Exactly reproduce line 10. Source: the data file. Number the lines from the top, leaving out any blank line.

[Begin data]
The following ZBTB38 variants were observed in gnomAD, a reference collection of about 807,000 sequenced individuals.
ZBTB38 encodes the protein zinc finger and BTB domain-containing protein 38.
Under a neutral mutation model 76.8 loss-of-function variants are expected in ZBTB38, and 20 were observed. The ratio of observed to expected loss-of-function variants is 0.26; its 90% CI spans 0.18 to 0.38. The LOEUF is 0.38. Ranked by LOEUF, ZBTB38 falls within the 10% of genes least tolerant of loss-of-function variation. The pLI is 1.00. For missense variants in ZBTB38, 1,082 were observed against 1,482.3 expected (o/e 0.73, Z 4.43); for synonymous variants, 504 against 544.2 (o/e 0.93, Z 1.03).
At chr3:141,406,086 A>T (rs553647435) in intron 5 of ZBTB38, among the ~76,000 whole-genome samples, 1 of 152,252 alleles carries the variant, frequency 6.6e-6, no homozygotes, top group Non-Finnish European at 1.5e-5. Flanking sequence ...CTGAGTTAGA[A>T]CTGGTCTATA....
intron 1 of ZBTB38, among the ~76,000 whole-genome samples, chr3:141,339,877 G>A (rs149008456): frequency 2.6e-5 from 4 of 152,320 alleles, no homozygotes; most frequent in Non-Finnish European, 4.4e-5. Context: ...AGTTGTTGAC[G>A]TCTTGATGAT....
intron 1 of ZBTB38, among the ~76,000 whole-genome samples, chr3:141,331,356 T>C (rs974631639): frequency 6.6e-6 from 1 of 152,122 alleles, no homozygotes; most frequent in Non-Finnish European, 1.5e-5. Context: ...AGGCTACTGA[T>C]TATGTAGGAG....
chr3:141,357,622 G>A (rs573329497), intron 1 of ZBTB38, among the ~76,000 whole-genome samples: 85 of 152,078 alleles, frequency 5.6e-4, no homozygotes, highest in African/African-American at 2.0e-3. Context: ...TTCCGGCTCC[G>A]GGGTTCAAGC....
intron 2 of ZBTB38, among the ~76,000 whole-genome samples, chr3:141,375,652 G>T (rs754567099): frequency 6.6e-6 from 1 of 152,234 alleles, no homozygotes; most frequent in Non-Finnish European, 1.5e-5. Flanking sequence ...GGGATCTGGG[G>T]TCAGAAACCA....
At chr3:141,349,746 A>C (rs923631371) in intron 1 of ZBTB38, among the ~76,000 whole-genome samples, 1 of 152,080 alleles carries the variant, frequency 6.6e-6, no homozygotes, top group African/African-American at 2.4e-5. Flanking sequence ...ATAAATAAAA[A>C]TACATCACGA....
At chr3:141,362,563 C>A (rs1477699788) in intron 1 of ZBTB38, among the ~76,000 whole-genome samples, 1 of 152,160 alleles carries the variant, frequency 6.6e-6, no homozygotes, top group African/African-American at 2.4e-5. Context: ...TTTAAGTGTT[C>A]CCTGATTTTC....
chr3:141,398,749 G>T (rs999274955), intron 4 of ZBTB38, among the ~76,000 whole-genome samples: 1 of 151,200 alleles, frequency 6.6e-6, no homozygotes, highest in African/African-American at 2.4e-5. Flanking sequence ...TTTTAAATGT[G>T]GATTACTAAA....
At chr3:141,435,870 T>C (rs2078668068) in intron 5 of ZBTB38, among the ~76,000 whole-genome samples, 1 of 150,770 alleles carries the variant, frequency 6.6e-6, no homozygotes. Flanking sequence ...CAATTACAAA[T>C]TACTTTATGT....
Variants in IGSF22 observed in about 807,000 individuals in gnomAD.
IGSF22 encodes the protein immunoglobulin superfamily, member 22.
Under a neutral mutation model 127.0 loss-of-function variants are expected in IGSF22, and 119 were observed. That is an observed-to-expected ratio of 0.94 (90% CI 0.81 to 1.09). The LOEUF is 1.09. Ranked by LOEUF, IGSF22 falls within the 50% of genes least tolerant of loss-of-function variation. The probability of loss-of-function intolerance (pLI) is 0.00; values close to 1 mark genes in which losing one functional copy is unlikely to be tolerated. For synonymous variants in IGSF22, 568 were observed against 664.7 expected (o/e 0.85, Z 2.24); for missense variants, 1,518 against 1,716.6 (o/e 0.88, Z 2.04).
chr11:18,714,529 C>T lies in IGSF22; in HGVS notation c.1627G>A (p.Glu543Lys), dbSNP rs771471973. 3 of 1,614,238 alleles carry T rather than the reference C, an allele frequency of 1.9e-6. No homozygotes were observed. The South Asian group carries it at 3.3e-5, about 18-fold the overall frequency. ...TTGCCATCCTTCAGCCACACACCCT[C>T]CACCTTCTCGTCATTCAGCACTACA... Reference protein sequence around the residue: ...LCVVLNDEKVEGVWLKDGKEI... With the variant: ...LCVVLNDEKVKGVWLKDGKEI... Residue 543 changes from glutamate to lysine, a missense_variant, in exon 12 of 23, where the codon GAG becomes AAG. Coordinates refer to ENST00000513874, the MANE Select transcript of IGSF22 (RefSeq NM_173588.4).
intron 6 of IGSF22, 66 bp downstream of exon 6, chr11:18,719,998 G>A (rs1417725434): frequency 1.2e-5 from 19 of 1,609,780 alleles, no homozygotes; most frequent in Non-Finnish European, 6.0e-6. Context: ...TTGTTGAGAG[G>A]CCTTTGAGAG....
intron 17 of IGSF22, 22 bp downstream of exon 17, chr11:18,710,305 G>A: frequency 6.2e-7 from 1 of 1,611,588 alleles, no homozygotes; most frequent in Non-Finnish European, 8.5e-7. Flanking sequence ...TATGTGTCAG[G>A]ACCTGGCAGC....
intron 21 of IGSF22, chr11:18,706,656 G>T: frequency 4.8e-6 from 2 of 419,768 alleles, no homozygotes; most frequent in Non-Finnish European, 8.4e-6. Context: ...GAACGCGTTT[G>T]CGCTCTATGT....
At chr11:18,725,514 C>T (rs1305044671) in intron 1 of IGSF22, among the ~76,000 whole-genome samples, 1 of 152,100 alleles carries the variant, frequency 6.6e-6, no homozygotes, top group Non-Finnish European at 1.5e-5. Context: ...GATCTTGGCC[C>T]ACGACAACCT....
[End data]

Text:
At chr3:141,362,563 C>A (rs1477699788) in intron 1 of ZBTB38, among the ~76,000 whole-genome samples, 1 of 152,160 alleles carries the variant, frequency 6.6e-6, no homozygotes, top group African/African-American at 2.4e-5. Context: ...TTTAAGTGTT[C>A]CCTGATTTTC....